To dissect the random forest ageing model, we analysed the ageing trajectories of the top 20 model-contributing taxa (figure 2A). The heatmap clearly showed that the relative taxonomic abundances correlated positively (upper half) or negatively (lower half) with chronological ageing in the healthy individuals, but the trajectories were disordered in hypertensive individuals. Typical microbial examples include Clostridium and Parabacteroides distasonis, with obvious intersecting patterns (figure 2B,C). Similar disordered taxonomic ageing trajectories were also observed in participants with diabetes, obesity, metabolic syndrome, hypercholesterolemia and hypertriglyceridaemia (online supplemental figure S6).
In conclusion, the results of the current and Ng’s study suggest that the ageing trajectory of the gut microbiota could be a potential biomarker for both paediatric and adult chronic diseases. However, accelerated microbiota ageing should not be simply considered a risk factor for metabolic diseases in adults or vice versa, as it might be chronological-age dependent. Our finding corresponds to Wilmanski’s observation that elderly individuals who carried younger microbiota signatures could have lower survival rates,9 but analyses to understand covariates (lifestyle, diet, medication, etc), subpopulation differences and longitudinal disease risks of gut microbiota ageing are warranted. Moreover, whether a chronological age-dependent bacterial function could be observed and understood in mechanism studies is worth investigating. Interestingly, a common practice in faecal microbiota transplantation (FMT) is to choose young donors for health reasons. Analysing whether a chronological age-matched healthy donor for FMT could promote additional health benefits in the recipient is worth further investigation.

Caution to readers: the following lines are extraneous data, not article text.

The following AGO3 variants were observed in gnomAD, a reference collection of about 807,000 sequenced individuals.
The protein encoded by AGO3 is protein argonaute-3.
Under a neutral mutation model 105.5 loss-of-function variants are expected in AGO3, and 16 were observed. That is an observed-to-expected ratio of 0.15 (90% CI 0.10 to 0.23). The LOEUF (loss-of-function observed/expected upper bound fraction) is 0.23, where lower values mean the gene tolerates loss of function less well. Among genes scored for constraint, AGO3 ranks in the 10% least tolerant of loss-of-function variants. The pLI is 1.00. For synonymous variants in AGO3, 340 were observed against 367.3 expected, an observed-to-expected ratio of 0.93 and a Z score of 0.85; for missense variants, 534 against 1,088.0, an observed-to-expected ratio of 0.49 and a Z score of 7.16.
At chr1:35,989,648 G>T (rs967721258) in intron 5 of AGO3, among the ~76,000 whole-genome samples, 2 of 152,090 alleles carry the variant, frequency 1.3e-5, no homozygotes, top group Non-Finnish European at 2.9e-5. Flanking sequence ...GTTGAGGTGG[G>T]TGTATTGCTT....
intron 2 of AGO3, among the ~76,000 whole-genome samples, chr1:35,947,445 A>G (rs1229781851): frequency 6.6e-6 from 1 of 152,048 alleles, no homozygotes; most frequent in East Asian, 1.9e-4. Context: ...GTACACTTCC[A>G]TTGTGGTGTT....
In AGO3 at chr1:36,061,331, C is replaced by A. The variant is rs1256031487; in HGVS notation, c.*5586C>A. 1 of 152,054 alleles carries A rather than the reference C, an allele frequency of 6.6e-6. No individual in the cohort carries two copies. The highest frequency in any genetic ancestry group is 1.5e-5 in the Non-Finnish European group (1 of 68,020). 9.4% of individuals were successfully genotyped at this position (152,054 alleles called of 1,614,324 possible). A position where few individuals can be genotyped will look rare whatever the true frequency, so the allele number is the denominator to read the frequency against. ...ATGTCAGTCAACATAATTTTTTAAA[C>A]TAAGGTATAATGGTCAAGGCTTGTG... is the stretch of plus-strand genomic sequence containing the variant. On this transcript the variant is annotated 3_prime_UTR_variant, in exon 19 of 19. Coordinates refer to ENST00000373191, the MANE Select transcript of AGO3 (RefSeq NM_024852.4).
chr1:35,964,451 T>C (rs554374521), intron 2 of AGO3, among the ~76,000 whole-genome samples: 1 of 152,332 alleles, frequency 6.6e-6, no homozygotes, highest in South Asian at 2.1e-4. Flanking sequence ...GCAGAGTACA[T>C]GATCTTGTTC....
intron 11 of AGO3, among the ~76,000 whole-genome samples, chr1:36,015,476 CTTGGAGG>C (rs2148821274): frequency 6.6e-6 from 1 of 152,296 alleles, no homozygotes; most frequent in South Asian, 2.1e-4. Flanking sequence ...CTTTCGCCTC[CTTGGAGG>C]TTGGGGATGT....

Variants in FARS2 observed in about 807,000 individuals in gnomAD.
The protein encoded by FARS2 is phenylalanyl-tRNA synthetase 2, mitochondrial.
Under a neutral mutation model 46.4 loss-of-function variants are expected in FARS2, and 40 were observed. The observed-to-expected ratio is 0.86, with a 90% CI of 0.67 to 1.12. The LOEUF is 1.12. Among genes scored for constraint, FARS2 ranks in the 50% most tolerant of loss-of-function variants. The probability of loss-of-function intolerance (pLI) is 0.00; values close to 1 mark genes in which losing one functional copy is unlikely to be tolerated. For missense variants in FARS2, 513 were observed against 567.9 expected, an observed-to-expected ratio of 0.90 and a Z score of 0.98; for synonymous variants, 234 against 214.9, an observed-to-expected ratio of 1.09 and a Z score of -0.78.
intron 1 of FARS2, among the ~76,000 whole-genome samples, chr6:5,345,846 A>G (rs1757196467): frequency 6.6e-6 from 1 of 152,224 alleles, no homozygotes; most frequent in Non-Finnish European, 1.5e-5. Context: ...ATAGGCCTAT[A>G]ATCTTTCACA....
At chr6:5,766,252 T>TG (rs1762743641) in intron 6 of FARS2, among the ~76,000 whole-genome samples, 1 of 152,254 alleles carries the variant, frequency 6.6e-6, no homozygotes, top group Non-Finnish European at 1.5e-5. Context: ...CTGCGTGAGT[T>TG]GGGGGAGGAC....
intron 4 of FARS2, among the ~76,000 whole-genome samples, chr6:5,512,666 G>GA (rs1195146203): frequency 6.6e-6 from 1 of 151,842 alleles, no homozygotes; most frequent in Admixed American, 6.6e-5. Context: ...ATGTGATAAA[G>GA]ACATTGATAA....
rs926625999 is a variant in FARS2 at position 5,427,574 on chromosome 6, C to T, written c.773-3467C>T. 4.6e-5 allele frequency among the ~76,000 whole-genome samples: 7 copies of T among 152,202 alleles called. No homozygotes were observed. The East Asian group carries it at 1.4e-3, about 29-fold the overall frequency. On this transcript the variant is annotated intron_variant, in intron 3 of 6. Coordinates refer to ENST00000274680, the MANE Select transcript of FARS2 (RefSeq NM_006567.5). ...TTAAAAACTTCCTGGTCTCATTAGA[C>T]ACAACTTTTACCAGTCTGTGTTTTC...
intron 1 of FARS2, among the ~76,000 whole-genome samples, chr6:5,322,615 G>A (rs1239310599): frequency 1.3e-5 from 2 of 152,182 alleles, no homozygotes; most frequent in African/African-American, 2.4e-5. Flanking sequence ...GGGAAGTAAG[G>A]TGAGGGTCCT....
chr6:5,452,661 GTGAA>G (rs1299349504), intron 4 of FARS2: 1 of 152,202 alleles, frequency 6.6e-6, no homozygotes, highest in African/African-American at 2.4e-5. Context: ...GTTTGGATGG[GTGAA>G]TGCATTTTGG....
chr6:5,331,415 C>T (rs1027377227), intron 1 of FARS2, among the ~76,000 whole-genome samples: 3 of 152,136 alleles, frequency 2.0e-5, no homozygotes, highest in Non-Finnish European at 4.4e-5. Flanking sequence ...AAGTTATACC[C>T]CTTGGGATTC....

Patient consent for publication
This study involves human participants and was approved by the ethical review committee of the Chinese Center for Disease Control and Prevention (no. 201519-A). Participants gave informed consent to participate in the study before taking part.
We thank Professor Lianmin Chen from Nanjing Medical University for an insightful discussion. YH (corresponding author) argued with Professor Lianmin Chen about whether a younger gut microbiota is always a healthier one, and then initiated the present analysis, in addition to the inspiration by Ng’s study. Based on the present observations, YH could be wrong for insisting that a younger microbiota is always better, but might be chronological-age dependent.
JF and WQ contributed equally.
Correction notice This article has been corrected since it published Online First. The first author's name in the citationof reference 9 has been corrected.
Contributors JF, YH and H-WZ designed the study and prepared the manuscript. YH, WW, W-JM and H-WZ provided the data. JF, WQ, H-MZ, HW, GW and YH analysed the data. PC, ZM and CZ provided crucial advice in analysing and interpreting the data.
Funding This study was supported by the National Key R&D Program of China (2019YFA0802300 (YH), 2017YFC1310600 (H-WZ)); National Natural Science Foundation of China (NSFC82022044 (YH), NSFC81925026 (H-WZ), 81800746 (YH)); and Natural Science Foundation of Guangdong Province China, Project No.-2018A0303130118 (WW).
Competing interests None declared.
Provenance and peer review Not commissioned; externally peer reviewed.